Why most consumers are still not buying ethical fashion

Ask a group of people if they'd like to shop more ethically and sustainably, and few would say "no". But ask those same people how much they're prepared to pay extra for their clothing and the answers would vary widely.

This was the experience of an e-commerce personalisation service, Nosto, which surveyed 2000 consumers in the UK and US about their attitudes to sustainable fashion. While more than 50 per cent said they want more brands to act sustainably, only one-third of respondents said they were prepared to pay more to do so.

How much more would you pay for the ethical dress?Credit:Shutterstock

An earlier survey of more than 7000 people aged 16-75 commissioned jointly by the Changing Markets Foundation and the Clean Clothes Campaign found consumers were prepared to pay up to 5 per cent more for ethical fashion.

Curiously, 62 per cent of respondents to the latest survey said they'd actually like a discount for buying ethical goods.

Perhaps it's a symptom of the "Keep Cup culture", where some cafes offer discounts to customers who bring their own cup, that consumers feel they ought to be rewarded for doing good.

If you are paying the same price for your T-shirt as your sandwich, someone or the planet is being exploited for that.

But while bringing your own cup technically reduces the cost to the cafe, thereby making the discount more plausible, the manufacture of ethical fashion is typically more expensive than its conventional counterparts.

'It just costs more to do the right thing'

Along every step of the supply chain there are added costs, from sustainably-sourced yarns to one of the biggest if not the biggest cost: fair wages.

All of this adds up, says Courtney Sanders, co-founder of ethical fashion e-tailer Well Made Clothes.

"Globalisation and fast fashion has created an unrealistic and unsustainable price point for product," Ms Sanders says. "If you are paying the same price for your T-shirt as your sandwich, someone or the planet is being exploited for that. It simply costs more money than that to make a product responsibly."

But shopping ethically needn't be prohibitively expensive if you do your homework, Ms Sanders says, pointing to ethically-made T-shirts available on her website for $40.

And while that may seem expensive to people hooked on $5 T-shirts, it's highly likely the $40 T-shirt will outlast eight $5 ones, so it's a matter of short-term "pain" for long-term gain.

"It’s a difficult message, people are on a budget, and there has been decades of price conditioning that that’s what fashion costs, when really it is not," Ms Sanders says.

Kelly Elkin (left) and Courtney Sanders are the co-founders of Well Made Clothes. 

She adds years of "soft" messaging about buying ethically has only yielded mediocre results.

"The best thing we can do is to get very bold and on point with our messaging. For a long time in the ethical fashion world the messaging has been quite soft and wishy-washy because the issues are so complex."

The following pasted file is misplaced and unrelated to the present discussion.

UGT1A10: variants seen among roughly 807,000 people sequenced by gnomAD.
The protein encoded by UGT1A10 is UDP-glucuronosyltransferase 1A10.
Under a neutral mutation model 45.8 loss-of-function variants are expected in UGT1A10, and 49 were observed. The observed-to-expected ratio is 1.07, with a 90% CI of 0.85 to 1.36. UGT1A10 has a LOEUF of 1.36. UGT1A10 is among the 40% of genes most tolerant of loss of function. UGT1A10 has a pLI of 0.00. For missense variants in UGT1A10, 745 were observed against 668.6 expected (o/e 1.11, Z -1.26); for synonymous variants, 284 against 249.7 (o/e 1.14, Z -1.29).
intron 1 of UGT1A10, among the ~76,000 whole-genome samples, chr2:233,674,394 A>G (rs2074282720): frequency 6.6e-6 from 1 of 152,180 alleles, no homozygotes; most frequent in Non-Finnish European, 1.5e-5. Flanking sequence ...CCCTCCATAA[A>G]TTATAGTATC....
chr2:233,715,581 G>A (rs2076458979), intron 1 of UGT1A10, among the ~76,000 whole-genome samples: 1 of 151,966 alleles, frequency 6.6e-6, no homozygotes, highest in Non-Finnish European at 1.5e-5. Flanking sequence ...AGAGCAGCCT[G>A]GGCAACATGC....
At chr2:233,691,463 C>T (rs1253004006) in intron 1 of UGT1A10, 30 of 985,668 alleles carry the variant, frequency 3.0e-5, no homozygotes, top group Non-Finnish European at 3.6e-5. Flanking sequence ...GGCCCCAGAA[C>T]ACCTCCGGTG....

Retail comes to the party

For one of Australia's biggest mainstream retailers, The Iconic, softly is still the preferred approach, says head of sustainability Jaana Quaintance-James.

In April, the site introduced Considered, a portal that allows customers to search for products according a set of ethical and sustainable criteria, including animal welfare and fair labour practices.

It's early days but the signs are promising, says Ms Quaintance-James.

"We’re trying to weave [sustainability] more subtly into what we do on a day-to-day basis, we think that’s a better way of bringing people along on the journey."

She says the target is to convert shoppers who think about shopping sustainably into those who do.

Fast-fashion brand H&M is offering customers vouchers if they return textiles for recycling.Credit:Bloomberg

"It’s the next group along [from the early adopters] who care about these issues but are not acting. Maybe they will see two T-shirts, one is in [sustainable] and they will choose that."

Other retailers rewarding customers for adopting more ethical practices include H&M, which offers customers vouchers for returning old clothes for recycling, while Country Road offers similar incentives for customers who donate goods to the Red Cross.

Ethics … but make it fashion

Ultimately, more people will shop ethically if brands and taste-makers, such as social media influencers, make it cool, says University of Melbourne consumer psychologist Brent Coker.

He explains that fashion is about building "social capital", so people want to know their buying decisions will earn the respect and admiration of their peers.

Dr Coker thinks brands wanting to encourage more customers to shop sustainably should appeal to people's "positive" emotions such as empathy rather than negative feelings such as guilt.

Ms Sanders says the relatively small percentage of people willing to pay more for ethical fashion "is problematic but hopeful. I imagine 29 per cent is a lot higher than it was two years ago … It’s not great but it also indicates a decent percentage of people are starting to actively pay more."

Source: Read Full Article